This edited collection asks how key New Zealand judgments might read if they were written by a feminist judge. Feminist judging is an emerging critical legal approach that works within the confines of common law legal method to challenge the myth of judicial neutrality and illustrate how the personal experiences and perspectives of judges may influence the reasoning and outcome of their decisions. Uniquely, this book includes a set of cases employing an approach based on mana wahine, the use of Maori values that recognise the complex realities of Maori women's lives. Through these feminist and mana wahine judgments, it opens possibilities of more inclusive judicial decision making for the future.
'This project stops us in our tracks and asks us: how could things have been different? At key moments in our legal history, what difference would it have made if feminist judges had been at the tiller? By doing so, it raises a host of important questions. What does it take to be a feminist judge? Would we want our judges to be feminists and if so why? Is there a uniquely female perspective to judging?'
Professor Claudia Geiringer, Faculty of Law, Victoria University of Wellington
'With this book, some of our leading jurists expose the biases and power structures that underpin legal rules and the interpretation of them. Some also give voice to mana wahine perspectives on and about the law that have become invisible over time, perpetuating the impacts of colonialism and patriarchy combined on Maori women. I hope this book will be a catalyst for our nation to better understand and then seek to ameliorate these impacts.'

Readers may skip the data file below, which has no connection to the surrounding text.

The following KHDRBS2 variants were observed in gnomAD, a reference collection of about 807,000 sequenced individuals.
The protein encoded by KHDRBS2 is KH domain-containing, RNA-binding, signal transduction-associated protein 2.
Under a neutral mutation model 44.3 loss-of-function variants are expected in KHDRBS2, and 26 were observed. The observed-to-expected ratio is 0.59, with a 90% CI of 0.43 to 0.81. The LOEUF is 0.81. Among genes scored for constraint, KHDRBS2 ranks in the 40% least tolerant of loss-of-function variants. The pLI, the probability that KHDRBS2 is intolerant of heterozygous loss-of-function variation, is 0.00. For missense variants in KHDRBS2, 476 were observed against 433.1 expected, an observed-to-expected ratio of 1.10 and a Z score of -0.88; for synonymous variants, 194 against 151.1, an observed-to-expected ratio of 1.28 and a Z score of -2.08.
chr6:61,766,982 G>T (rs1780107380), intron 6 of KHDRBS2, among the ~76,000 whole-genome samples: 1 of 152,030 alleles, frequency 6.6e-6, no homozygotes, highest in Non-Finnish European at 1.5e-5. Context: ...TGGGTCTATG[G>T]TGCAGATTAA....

Dr Claire Charters, Associate Professor, Faculty of Law, University of Auckland
'The work is highly illuminating and is critical to the development of our legal system ... It is crucial, not only for legal education, so that students of the law open their minds to the different ways legal problems can be conceptualised and decided. It is also crucial if we are going to have a truly just legal system where all the different voices and perspectives are fairly heard.'
Professor Mark Henaghan, Dean of the Faculty of Law, University of Otago
'I believe this project is particularly important, as few academics or researchers in New Zealand concentrate on judicial method. I am therefore hopeful that it will provoke thoughtful debate in a critical area for society.'
The Honourable Justice Helen Winkelmann, New Zealand Court of Appeal